Easy Weeknight Dinners // Un-Recipe No. 19:
Baked Sweet Potato And Pea Pesto With Crostini
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Baked sweet potato stuffed with seasonal summer ingredients: homemade pea pesto, buttery sourdough crostini, spicy watercress and roasted scapes. Pin this post.
2. Toast The Crisps: Find yourself a good sourdough baguette. Don’t skimp on the quality! You want the good artisan bakehouse bread; the kind that’s crusty on the outside and soft and chewy on the inside. If it’s a day old, that’s okay, since we’re going to toast it up.
Using a serrated bread knife, cut the baguette into very thin ¼” slices. Lightly butter both sides of each slice. Don’t put too much butter on here, since there will be plenty of fat in the pea pesto. Cooking is all about balance, you want just enough butter to enhance the flavor of the bread, but not too much that when combined with the oil and fat of the pea pesto the whole dish becomes too rich.
Either lightly toast the baguette slices in a toaster on low heat, or place on a cookie sheet and bake in the oven for a couple minutes. Do not let the toast get too black, you want it to be crispy but still pliable and able to absorb the pea pesto.
When finished toasting, lightly spread a thin layer of pea pesto on each crostini slice.
3. Prepare The Watercress Greens: Clean the greens. Lightly tear the leaves and shorten the stems so they’re easier to eat. If watercress is too pungent for you, mix in with some spring greens or drizzle with a little citrus vinaigrette.
4. Roast The Garlic Scapes: Heat a small amount of oil in a non-stick pan. Cut off the dried ends of the scapes and chop the stems into 1” or shorter pieces. Sauté the chopped scapes in the pan over medium-high heat for a few minutes. Turn occasionally, but let them spend extended amounts of time against the heat of the pan to develop a black, grilled crust (but don’t burn them!). The scapes will become soft and mellow when cooked. If you are a garlic lover, you’ll love how these scapes take on the delicate nuttiness of roasted garlic and melt like butter in your mouth.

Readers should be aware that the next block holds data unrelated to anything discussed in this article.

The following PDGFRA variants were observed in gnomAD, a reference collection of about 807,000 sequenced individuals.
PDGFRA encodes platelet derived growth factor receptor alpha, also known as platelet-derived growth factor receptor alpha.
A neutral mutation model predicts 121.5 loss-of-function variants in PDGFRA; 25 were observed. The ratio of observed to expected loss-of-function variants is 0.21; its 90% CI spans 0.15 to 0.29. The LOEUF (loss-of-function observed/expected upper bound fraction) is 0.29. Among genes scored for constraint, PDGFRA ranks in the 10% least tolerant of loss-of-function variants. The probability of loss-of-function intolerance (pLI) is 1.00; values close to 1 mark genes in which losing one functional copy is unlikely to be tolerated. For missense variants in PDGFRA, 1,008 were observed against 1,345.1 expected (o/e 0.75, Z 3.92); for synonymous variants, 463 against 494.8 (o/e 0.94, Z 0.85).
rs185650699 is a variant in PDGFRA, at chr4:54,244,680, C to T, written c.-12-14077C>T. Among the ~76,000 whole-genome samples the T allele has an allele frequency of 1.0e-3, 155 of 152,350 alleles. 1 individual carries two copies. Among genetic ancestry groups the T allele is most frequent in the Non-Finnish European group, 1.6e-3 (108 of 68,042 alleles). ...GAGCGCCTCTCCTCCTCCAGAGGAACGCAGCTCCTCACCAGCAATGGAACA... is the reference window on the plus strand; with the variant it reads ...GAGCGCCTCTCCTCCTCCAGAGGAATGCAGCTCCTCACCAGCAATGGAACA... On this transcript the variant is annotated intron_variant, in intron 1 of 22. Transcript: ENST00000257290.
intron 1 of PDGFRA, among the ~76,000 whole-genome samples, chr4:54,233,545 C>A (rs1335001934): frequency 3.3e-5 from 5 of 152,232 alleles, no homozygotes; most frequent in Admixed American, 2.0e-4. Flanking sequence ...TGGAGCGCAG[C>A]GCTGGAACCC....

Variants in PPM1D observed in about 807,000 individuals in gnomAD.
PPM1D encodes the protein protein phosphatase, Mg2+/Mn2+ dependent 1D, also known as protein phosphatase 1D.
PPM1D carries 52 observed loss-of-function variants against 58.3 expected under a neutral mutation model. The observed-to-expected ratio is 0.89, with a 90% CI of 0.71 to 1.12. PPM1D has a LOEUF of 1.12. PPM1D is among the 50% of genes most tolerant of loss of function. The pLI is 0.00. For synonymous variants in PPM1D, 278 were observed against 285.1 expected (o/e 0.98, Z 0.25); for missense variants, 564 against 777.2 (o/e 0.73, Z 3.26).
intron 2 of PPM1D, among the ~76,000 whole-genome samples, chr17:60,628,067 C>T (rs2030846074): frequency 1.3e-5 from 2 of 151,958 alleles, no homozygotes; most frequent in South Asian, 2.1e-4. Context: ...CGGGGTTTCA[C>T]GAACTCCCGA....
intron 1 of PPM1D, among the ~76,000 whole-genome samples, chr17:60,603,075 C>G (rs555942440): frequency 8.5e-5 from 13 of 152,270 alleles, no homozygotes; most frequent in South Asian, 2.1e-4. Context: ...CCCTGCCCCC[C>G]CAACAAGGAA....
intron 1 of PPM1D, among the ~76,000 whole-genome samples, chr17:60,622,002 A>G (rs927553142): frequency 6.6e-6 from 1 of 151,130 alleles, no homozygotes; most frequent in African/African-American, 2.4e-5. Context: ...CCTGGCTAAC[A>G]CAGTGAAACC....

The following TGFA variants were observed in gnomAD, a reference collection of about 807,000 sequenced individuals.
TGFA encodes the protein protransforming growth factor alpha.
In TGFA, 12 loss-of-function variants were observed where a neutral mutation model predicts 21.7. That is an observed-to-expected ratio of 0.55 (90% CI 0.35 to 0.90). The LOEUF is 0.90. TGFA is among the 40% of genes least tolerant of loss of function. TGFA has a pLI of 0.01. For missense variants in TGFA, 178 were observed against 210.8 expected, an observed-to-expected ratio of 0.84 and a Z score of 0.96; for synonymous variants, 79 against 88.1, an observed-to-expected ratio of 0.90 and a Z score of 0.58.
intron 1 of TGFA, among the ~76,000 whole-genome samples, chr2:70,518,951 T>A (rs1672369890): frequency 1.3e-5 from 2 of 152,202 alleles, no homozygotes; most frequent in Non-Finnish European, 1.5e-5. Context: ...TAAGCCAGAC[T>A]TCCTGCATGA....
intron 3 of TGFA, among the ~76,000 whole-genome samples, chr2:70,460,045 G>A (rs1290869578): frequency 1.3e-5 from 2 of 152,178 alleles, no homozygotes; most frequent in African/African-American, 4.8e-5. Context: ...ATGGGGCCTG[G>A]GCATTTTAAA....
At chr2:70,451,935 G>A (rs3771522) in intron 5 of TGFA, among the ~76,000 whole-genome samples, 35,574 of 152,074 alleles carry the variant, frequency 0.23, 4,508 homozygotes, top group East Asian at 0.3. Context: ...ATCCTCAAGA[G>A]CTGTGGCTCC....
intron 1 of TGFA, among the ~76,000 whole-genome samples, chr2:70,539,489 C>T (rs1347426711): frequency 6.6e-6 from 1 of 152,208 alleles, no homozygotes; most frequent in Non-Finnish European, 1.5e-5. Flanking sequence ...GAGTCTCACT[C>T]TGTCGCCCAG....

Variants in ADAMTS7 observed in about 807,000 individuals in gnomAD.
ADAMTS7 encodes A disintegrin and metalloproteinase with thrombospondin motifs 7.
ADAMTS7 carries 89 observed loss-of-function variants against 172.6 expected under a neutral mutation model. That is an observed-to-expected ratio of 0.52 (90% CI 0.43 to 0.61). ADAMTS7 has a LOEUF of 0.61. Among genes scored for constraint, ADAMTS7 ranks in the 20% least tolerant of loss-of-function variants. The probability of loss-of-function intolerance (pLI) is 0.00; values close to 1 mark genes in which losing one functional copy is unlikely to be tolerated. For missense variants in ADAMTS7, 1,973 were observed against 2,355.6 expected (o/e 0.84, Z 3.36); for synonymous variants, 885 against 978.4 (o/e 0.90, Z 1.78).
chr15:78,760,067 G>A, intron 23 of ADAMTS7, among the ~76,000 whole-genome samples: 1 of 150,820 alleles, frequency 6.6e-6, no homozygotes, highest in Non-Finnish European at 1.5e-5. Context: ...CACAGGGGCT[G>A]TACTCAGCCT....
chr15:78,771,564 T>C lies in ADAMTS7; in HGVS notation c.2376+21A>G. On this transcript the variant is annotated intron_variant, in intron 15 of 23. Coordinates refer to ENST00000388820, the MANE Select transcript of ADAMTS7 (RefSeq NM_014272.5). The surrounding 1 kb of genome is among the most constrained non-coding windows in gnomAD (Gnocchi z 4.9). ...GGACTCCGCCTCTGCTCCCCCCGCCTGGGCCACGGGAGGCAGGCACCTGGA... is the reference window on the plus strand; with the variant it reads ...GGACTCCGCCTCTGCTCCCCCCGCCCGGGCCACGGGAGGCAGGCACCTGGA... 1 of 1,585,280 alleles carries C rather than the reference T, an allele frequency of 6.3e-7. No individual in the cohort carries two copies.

5. Stuff The Sweet Potatoes: When the sweet potatoes are done cooking, cut a long seam into each from end to end, careful to not cut through the whole sweet potato. Scoop a little of the sweet potato meat out of each and mix it with a small spoonful of pea pesto. Return to the sweet potato.
Top each sweet potato with another small scoop of pea pesto. Sprinkle with the roasted scapes.
Next, artfully place a slice the pea pesto crostini into each sweet potato and garnish with watercress greens and a few walnuts. You can also serve the pea pesto crostini on the side if you prefer. I like using the crostini as a utensil to eat the sweet potato! Use it to scoop out the pesto soaked sweet potato meat. Just like chips and dip.
Watercress. This wild green is spicy and pungent and provides a nice contrast to sweetness of peas. I like to balance out the richness of the pea pesto with a bitter green such as watercress. If it’s too bitter for you, or not in season, feel free to use arugula or spinach instead.
For The Win:
Toast The Walnuts. You don’t need to toast the walnuts before making the pesto, but it will taste better if you do. I’m so surprised most pesto recipes don’t tell you to do that first. It’s a quick step that unlocks tons of flavor. Just be careful not to burn them and remove too much moisture from the nut.
Pesto Is A Concept, Not A Recipe. This is an expression of true un-recipe spirit. Here’s your pesto formula for endless possibilities: 4 parts green + 2 parts nut + 1 part oil = pesto. Substitute ingredients. Swap out greens. Play with different herbs. Add other ingredients like citrus, garlic and salt as needed. Pesto is an art, have fun with it.